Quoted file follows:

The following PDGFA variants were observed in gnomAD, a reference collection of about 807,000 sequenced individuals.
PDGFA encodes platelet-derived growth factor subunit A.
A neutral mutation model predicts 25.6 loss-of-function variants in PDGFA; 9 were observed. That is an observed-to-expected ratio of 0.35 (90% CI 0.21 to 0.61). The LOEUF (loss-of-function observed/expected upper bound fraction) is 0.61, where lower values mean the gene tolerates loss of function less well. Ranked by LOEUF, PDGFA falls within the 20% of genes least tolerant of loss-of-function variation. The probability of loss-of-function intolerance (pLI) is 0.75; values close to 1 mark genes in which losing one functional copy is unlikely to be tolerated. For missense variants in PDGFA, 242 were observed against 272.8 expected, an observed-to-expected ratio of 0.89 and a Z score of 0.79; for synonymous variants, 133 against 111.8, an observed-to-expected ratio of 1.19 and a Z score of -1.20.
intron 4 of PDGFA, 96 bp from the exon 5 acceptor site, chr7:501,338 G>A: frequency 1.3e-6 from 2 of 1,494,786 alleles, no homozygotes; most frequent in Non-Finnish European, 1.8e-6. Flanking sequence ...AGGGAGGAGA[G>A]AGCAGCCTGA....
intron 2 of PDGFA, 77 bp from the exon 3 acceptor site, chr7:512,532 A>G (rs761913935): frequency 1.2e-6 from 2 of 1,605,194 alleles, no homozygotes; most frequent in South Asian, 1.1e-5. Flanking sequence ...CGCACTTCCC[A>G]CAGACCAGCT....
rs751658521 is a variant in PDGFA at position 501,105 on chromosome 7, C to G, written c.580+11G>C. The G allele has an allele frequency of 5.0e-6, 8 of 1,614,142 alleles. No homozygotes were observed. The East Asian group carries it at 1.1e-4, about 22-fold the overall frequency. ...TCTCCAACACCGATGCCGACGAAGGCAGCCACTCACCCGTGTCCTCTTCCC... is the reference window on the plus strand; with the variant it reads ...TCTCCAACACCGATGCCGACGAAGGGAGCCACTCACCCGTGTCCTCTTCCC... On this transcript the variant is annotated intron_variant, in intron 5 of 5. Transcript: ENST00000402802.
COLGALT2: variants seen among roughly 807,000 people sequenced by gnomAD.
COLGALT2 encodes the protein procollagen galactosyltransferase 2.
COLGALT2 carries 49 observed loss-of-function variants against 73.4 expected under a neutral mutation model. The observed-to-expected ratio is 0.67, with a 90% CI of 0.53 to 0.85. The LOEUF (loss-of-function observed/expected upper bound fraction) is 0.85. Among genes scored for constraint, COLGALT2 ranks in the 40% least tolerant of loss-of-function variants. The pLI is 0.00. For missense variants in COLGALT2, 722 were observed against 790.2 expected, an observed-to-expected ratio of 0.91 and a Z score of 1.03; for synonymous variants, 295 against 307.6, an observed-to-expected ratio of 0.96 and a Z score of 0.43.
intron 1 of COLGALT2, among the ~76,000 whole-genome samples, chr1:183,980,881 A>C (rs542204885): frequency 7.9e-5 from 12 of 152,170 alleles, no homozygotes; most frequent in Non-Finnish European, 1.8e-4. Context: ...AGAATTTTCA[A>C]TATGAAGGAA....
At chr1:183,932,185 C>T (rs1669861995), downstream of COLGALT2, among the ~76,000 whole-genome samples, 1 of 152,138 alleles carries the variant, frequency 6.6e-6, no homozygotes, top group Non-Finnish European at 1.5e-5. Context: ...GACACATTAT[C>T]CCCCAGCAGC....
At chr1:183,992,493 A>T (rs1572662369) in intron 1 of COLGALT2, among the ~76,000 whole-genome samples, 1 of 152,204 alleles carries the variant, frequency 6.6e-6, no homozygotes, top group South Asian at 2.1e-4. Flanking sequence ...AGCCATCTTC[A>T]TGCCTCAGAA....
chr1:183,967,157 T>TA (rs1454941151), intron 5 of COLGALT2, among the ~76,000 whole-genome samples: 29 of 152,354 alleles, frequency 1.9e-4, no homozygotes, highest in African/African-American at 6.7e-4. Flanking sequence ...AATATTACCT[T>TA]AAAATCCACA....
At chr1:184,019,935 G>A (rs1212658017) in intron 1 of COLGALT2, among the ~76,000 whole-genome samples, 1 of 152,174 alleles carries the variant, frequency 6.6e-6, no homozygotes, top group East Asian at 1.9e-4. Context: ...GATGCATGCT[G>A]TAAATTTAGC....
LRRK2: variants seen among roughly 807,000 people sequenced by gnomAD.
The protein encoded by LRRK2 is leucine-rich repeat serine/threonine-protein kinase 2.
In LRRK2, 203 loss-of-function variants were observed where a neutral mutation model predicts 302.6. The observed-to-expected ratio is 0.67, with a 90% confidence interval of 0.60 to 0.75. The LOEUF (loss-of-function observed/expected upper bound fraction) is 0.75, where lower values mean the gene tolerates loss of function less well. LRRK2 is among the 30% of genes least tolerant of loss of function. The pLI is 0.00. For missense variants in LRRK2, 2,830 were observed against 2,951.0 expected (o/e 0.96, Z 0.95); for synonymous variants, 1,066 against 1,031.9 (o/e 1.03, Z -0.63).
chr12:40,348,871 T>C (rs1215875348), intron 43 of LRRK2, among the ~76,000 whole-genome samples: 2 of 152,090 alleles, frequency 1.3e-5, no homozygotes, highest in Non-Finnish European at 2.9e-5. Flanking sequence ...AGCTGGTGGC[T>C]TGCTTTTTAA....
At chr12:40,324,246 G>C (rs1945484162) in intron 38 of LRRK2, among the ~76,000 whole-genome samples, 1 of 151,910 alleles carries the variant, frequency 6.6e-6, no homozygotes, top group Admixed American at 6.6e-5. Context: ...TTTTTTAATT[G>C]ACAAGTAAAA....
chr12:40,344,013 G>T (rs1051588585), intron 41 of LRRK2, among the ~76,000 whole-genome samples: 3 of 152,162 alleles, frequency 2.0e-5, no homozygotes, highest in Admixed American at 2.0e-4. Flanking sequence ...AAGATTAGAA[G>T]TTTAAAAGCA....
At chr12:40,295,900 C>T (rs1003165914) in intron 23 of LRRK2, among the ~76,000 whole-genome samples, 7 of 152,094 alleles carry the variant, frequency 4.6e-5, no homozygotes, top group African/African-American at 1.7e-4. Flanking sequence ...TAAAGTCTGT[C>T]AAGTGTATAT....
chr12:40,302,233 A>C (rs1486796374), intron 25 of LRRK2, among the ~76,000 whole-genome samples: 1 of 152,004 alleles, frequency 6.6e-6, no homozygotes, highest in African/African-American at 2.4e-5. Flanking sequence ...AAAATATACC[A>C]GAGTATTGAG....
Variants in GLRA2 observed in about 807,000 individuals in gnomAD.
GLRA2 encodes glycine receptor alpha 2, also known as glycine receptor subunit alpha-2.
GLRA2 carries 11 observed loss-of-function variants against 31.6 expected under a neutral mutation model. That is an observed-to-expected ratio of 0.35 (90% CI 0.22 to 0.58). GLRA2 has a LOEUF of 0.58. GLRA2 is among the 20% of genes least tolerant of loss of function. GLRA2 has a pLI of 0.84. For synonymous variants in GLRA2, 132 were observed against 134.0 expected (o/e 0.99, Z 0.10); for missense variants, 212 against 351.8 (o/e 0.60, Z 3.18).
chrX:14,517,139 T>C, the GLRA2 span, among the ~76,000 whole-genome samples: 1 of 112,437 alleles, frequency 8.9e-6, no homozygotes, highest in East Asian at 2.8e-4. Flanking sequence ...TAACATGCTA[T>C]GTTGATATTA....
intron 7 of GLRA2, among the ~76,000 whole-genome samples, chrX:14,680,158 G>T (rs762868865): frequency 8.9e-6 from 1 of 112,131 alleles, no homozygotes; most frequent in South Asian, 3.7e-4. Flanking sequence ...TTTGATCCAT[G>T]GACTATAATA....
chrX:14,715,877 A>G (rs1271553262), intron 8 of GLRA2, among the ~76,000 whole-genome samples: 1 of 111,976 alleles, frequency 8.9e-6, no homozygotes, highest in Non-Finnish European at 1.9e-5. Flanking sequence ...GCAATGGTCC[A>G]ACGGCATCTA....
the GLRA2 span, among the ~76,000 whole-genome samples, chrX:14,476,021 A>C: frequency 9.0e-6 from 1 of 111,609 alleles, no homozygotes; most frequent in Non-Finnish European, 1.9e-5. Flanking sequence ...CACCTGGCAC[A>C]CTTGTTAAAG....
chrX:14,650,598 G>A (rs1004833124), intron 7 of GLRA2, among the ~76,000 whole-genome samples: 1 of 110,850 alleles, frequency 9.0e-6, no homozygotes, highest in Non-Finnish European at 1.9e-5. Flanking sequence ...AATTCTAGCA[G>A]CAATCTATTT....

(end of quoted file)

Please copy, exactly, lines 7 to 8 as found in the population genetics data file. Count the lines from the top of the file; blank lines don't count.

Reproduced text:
COLGALT2: variants seen among roughly 807,000 people sequenced by gnomAD.
COLGALT2 encodes the protein procollagen galactosyltransferase 2.